Upcoming Q&A with Chief Designer Franz von Holzhausen - submit your questions!

Upcoming Q&A with Chief Designer Franz von Holzhausen - submit your questions!

Later this month we'll publish a blog post featuring a Q&A with Tesla Chief Designer Franz von Holzhausen about Model S design as we wrap up the Alpha phase. Have a question about Model S design, the process, or approach? Post your questions here for a chance to get them answered!

We know you have many Model S questions, and we will do our best to answer all of them in the coming months. For this Q&A, please tailor your questions to styling and design.

Timo | May 18, 2011

@ncn, from your other thread I second: manufacturer approved snow tires (studded tires here). We have snow about half a year here. And also second (third? fourth?) that front license plate bracket.

perbakken | May 19, 2011

Will there be servo steering? The roadster does not have this and it is quite heavy on the steering.
Will there be a theft alarm included?
What about the surplus heat from the batteries - will this heat be used for heating the cabin when necessary?

Mike_ModelS_P457 | May 20, 2011

I know I already have a question post, but a few more questions, more design specific, came to mind...

From a 3D design point of view, did you have anything that inspired you in the design of Model S? Was it all about cars or were there other shapes / objects which pushed the design forward (e.g. "shark like")?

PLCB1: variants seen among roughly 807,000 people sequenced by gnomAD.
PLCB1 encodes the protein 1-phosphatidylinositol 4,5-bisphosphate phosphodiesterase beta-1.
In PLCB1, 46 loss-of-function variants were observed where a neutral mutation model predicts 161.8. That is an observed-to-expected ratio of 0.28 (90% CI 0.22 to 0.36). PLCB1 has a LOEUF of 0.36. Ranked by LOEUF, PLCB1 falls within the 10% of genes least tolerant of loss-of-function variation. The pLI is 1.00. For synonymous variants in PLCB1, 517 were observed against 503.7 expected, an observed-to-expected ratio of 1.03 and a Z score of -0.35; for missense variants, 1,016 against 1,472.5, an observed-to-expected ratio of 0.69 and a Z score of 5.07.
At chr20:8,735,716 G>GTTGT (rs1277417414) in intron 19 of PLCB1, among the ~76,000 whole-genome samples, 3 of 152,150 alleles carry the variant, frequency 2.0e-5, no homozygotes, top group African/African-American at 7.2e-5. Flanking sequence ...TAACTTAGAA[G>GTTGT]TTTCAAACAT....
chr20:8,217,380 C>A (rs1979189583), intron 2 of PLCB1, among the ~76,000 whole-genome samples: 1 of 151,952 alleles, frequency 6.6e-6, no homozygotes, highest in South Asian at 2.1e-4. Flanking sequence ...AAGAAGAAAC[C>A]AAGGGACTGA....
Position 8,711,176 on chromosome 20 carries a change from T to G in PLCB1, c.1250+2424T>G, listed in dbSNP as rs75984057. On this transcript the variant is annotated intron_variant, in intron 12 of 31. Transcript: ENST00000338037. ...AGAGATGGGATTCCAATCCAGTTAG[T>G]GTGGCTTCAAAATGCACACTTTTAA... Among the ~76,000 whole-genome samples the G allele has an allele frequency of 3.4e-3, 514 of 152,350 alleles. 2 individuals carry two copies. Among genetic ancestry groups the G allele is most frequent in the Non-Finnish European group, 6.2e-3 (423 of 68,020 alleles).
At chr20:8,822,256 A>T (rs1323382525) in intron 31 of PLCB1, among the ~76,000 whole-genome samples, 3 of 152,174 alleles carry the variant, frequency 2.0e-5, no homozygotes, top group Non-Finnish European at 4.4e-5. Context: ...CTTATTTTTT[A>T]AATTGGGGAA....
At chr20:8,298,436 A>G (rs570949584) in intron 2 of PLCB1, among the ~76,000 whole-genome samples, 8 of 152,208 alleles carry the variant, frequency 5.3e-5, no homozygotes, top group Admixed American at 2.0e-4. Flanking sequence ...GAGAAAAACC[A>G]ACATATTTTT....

Also, in the video interviews I've seen you say that as an EV there are so many more options for design. Did you feel constrained by the legacy of ICE based automobile design; specifically things like the hood area and overall shape of the car or the wheel base length?

Lastly, if you have to choose one color combo for interior and exterior that really articulates the look and feel of the Model S, what would that be? I've noticed there is now a red/crimson prototype out there, but assumed that had more to do with the evolution of the Tesla branding - BTW that car looks amazing in red/crimson!

Thanks again for taking the time to answer these questions. I hope Tesla does more like this on topics like technology and innovation.

Thumper | May 21, 2011

I just realized from roadster posts that the car runs the air conditioning during fast charging. My question is, can you set the charge rate low enough that it doesn't make noise if you don't need a fast charge? How loud is it at different charge rates.

Denis Vincent | May 21, 2011

Brilliant functional and esthetic design of the Rims for the Model S, I see them drawing air across the Disc Brakes to cool them as well as potentially cooling the battery and creating a "vaccum" underneath the vehicle that would, in essence, improve drag coefficiency and "Ground effects ".

David70 | May 21, 2011

Interesting point Denis.

I see that the rims on the left side of the car draw air from under the car, but are the rims on the right pitched the opposite way to draw air outward also? Can anyone point to a link showing the right side of the car when stationary?

As for cooling the brakes, I can't believe that would be an issue. The only time brakes would overheat for a long enough time to be a problem would be on long downhill stretches. On the Tesla that wouldn't happen unless the car was already so fully charged that regenerative braking can't happen.

David70 | May 21, 2011